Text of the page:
One of the great things about giving a workshop is that I’ll have it done and out of the way before the conference proper starts, so I’ll be able to fully enjoy myself. There are a lot of people I’m looking forward to seeing, and a lot of food I’m looking forward to eating. Oh, and there are those presentations I’ll be attending, too.
If you are going to be at the conference, please find me. I’d love to meet you.
In past years, the Interaction conference has used Crowdvine to allow people to connect, communicate, and plan what to attend. A couple of the conferences have included custom mobile apps with such functionality. This year, there’s something new: Shortlist.
Shortlist recommends people to meet based on your unique set of goals, professional background and social media connections. We call it “accelerating serendipity.” You’ll call it “amazing.”
Shortlist is also an information hub for essentials like sessions, exhibitors and maps. Everything you need to make the most of your time and opportunity is now at your fingertips. So the only question left to ask is, “Who’s on your Shortlist?”
I can’t say I care about the recommendations too awfully much. I already know a lot of people that will be attending, so I’m more interested in seeing who that I know will be there, rather than a list of people I don’t know. But, the functionality I’m most interested in is the ability to select the sessions I’m planning on attending and then display my personalized schedule.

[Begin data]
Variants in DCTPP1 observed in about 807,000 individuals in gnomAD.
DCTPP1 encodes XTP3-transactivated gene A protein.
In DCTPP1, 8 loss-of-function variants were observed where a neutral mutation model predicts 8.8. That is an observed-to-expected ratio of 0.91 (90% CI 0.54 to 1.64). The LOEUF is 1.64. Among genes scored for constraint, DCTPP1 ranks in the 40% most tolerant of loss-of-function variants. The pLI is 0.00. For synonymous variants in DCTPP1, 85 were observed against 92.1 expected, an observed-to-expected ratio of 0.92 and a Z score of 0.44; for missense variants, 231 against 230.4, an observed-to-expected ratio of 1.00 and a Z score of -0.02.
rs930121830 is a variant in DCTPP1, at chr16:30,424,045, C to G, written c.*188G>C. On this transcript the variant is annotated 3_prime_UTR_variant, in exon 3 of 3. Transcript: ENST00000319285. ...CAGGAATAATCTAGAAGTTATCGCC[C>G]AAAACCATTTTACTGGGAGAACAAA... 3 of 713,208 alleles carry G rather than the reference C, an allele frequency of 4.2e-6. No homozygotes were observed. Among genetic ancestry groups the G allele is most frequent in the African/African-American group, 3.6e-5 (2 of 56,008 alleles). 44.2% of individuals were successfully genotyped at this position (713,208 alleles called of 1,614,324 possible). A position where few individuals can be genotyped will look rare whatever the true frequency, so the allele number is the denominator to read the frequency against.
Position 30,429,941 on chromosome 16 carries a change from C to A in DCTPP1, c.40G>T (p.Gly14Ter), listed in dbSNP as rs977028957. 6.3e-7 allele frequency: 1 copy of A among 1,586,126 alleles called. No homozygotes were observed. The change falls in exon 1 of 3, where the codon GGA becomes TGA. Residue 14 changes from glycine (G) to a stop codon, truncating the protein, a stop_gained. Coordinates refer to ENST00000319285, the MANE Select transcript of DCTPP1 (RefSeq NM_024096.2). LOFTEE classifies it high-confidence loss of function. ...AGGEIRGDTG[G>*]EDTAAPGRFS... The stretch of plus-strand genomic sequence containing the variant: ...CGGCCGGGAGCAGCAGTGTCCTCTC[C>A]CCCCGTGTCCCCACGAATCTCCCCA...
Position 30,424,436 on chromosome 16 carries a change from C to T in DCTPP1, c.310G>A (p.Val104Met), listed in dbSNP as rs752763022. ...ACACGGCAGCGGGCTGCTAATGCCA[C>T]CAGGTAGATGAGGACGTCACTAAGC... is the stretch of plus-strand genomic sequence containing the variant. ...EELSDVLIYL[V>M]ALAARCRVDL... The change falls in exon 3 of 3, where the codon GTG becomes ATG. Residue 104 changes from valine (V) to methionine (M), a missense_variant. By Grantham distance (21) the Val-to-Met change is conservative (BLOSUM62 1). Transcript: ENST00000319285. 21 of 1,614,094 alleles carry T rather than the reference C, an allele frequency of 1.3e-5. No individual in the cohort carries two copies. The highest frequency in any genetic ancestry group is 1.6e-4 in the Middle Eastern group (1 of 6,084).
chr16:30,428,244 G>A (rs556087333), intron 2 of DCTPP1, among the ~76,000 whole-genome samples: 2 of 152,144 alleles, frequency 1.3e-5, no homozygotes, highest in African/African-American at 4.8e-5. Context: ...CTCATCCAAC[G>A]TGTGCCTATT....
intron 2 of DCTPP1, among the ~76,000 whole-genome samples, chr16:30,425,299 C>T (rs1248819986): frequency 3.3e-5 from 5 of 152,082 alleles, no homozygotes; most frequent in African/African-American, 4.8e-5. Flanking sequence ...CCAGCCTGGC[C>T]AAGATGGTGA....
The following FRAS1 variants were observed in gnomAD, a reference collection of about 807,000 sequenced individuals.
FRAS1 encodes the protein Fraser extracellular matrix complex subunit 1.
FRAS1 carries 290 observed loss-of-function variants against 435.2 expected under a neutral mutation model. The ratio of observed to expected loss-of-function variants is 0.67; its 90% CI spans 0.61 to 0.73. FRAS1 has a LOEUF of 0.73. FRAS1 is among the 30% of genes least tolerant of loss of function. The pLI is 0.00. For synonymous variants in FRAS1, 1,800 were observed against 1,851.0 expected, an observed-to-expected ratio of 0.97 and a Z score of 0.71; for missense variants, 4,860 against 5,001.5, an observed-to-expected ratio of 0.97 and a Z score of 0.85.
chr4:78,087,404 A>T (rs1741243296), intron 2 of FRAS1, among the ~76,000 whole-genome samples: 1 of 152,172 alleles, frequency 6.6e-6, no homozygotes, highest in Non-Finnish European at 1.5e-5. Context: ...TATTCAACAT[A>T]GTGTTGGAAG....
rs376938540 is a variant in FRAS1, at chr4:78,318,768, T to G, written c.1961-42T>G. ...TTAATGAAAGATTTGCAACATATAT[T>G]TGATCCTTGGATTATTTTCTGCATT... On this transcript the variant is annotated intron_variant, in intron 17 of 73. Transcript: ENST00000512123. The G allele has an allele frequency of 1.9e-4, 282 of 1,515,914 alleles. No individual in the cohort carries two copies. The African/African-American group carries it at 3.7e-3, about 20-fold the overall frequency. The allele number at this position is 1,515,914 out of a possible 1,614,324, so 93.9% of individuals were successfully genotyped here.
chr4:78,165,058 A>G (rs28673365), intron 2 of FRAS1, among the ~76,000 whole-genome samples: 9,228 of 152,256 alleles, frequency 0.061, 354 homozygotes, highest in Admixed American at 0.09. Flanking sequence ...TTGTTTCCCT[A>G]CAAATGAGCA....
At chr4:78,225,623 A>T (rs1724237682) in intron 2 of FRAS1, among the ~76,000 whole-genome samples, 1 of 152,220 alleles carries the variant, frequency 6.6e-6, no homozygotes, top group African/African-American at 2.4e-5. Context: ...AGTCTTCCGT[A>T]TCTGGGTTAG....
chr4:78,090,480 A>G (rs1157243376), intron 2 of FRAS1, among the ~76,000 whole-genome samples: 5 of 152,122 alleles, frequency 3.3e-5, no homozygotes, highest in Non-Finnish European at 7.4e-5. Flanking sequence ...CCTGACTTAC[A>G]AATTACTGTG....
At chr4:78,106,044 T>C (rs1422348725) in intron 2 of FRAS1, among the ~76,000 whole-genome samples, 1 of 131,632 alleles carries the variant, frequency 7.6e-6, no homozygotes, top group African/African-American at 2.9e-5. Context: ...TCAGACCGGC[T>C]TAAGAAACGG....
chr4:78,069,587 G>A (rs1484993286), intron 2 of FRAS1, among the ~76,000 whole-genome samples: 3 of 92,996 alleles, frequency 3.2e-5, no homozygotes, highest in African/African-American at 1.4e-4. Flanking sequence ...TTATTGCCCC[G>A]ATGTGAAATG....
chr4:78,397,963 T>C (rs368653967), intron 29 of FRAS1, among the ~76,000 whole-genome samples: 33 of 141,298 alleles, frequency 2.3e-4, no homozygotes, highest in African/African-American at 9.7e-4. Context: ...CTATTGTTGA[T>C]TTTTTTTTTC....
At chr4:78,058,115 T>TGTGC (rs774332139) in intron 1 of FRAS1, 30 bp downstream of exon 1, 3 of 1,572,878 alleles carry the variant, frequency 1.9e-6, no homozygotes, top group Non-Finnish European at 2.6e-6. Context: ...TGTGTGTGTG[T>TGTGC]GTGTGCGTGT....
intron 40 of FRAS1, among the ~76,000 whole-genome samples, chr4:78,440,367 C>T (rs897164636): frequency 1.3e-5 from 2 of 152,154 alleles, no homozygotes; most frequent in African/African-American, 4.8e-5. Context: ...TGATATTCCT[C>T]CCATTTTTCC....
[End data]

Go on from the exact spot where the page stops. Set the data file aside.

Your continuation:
Crowdvine would allow you to indicate people you considered friends separately from those you would like to meet. Shortlist only seems to allow me to add people to my “shortlist”. Crowdvine would notify you if someone marked you as a friend or someone they want to meet, allowing you to then go and do the same. It allowed you to see each attendee’s list of friends and see who was planning to attend which sessions. As far as I can tell, Shortlist doesn’t make that information public. There is a page for “My Connections”, but it is currently empty, and I don’t know how to add anyone to it.
Of course, all of this is of limited value without the ability to access it on my phone during the conference. I searched for an iOS app and didn’t find one, but Shortlist is optimized for mobile use, so I saved it to my home screen for easy access. That should be sufficient for viewing my schedule as I move from session to session. The only thing missing there is the ability to view one day at a time, rather than having to scroll through the entire week’s worth of events.
Shortlist is less robust than Crowdvine, but it is a solid start for a competing service.
The daily schedule for Interaction 13 has been posted on the conference website. There’s quite a bit there to choose from. With one full day of workshops followed by four days of presentations and other activities, the program is bursting at the seams. In fact, there is so much to take in, I’m not finding the straight list to be particularly helpful, and I’m not sure it’s entirely accurate. There are some gaps in the schedule, and Thursday morning, in particular, appears to be incomplete. Each day’s 10-minute sessions claim to take place in parallel, whereas I think they are intended to be serialized in a single track running parallel to two 45-minute sessions. Assuming that is the case, I like the format. I can see value in picking three short presentations over a single, longer presentation. There’s a greater chance of gleaning useful tidbits from three short ones if all of the speakers are unfamiliar or the topics aren’t of particular interest. At any rate, I’d like to see a visualization of the schedule, as it would be much easier to see how many tracks there are at any given point and which sessions overlap.